We always call some handy man to come and fix these things for us.
At some point in our lives, we eventually need to have a hole drilled, install some fixtures in the bathroom or fix some pipes or something. And most of the time, we would simply call a handy man to get this done. The cost of this would range somewhere between SGD25 to SGD200 or more depending on the complexity of the thing you want done.
When I was doing my reno for my home, I started doing these things myself. I've always watched my father do some simple DIY at home when I was younger and never really tried my hands at it. It seemed simple enough for me to do.
Here, I'll explain what needs to be done.
First let's look at drills and drill bits.
You will need an impact drill.
Impact drill has 2 modes.
Mode 1 -
Drilling. The drill just turns the drill bit around and "cuts" the target. You use this for wood, cos wood can be cut. Below is the drill you need for cutting targts. Note the tip of the drill bit. You need this type of drill bit to make clean cuts on wood.
Hammer drilling. The drill turns around to "cut" the target AND the drill will hammer the drill bit against the target. You need this for drilling into concrete as concrete cannot be cut and needs to hammer action to create the hole. This hammer action is not very noticable so you need to take note of the setting. Below is the drill bit you need for hammer drilling. Notice the tip of the drill bit. There is a "block" tip. This is to reinforce the drill bit so that you can "hammer" the concrete to create the hole. If you use the below drill bit on wood, hole created will not be a clean cut.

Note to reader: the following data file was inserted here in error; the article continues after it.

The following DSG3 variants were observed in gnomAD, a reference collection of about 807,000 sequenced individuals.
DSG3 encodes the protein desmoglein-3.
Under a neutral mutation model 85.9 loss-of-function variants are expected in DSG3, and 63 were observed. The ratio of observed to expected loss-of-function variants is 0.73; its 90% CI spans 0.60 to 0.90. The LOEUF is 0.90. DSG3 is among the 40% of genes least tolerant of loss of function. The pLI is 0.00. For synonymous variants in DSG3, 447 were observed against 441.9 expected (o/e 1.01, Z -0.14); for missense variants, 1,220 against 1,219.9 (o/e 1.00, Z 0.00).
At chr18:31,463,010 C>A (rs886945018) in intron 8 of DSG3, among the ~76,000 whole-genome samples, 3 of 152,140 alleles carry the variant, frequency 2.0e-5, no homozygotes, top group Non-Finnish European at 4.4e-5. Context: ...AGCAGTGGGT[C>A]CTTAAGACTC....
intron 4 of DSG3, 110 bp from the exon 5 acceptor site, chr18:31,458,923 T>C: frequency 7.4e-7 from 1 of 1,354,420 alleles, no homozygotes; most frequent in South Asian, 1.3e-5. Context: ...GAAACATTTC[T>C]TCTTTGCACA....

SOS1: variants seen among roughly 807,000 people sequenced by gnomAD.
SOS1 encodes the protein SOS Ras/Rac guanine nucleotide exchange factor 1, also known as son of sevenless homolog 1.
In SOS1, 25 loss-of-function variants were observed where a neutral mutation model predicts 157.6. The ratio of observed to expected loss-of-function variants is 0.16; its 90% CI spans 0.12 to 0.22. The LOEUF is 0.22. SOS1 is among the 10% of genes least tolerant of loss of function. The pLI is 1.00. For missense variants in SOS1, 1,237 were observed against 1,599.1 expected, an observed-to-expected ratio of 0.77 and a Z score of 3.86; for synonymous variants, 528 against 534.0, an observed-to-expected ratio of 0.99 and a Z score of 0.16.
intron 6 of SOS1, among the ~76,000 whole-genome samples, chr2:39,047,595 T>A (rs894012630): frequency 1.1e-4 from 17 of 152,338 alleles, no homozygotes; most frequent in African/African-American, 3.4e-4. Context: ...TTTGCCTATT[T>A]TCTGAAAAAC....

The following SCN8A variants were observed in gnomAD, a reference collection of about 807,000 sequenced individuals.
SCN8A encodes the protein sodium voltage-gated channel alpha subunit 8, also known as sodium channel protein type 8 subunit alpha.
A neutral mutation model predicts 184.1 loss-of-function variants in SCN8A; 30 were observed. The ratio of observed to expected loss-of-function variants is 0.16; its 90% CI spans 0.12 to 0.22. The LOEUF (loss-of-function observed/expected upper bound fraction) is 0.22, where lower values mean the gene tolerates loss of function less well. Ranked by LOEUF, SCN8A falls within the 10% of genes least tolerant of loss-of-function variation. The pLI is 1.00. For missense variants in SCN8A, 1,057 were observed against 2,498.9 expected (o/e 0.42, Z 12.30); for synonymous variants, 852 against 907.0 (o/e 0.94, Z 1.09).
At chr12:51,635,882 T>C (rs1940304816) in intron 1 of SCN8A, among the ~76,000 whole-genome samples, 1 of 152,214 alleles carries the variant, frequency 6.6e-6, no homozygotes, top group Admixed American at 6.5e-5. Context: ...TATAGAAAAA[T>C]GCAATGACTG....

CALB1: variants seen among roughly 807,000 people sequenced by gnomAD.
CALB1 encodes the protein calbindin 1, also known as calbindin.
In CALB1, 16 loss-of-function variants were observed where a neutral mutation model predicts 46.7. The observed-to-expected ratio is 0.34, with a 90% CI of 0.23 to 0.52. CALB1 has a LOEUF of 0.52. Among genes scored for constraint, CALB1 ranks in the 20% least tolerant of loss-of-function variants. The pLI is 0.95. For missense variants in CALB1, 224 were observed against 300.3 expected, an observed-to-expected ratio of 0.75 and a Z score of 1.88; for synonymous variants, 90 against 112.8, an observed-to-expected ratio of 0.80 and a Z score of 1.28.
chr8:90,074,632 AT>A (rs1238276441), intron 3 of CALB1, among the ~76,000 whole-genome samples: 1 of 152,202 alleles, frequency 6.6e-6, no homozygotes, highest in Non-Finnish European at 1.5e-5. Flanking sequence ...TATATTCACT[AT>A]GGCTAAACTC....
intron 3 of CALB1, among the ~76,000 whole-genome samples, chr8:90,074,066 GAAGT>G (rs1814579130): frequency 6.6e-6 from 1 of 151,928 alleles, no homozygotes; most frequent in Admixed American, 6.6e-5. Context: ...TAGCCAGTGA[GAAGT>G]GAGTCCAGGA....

Alternatively, you can borrow a 800W drill from IKEA for free. You need to put a SGD200 deposit to rent the drill. You can rent it for 5 days at a time. When you return it, IKEA will return you the SGD200 deposit in full. The advantage of this is that 800W is a high powered drill which can go through almost all walls in a typical Singaporean setting.
You do not need to drill a hole into a wooden wall before you screw something into it. You just screw straight into the wooden wall.
The reason why you need to drill a hole into a hard wall is because you cannot screw directly into a hard concrete wall. You need to drill a hole first and put in a wall plug. A wall plug is basically a firm but soft material to fill up the hole you drilled but soft enough such that a screw can be screwed into that position.
Youtube link post below shows drilling into soft wall using just the drilling motion. Note that at the end he pusts in an "anchor" into the wall, well thats what is known as a wall plug or anchor. This allows you to screw into the wall plug and hang your stuff.
The below link is done by a more senior lady so if she can do it you can do it too.
Note that she uses a masonry bit to drill through concrete.
She uses some specialised wall plugs. This is typically not necessary for HDB purposes. You can use the usual plastic wall plugs which fit tightly and use a screw to screw into them.
Tiles are trickier to drill through cos they have the potential to crack. Also, they are smooth so if you try to drill straight through it, your drill will run all over the place.
To drill through tile you need to follow the below.
You tape the area where you want to drill, then use your drill bit and lightly hammer the drill bit to lightly shatter the tile under the tape. Note the guy in the video turns the drill bit as he lightly taps the hammer.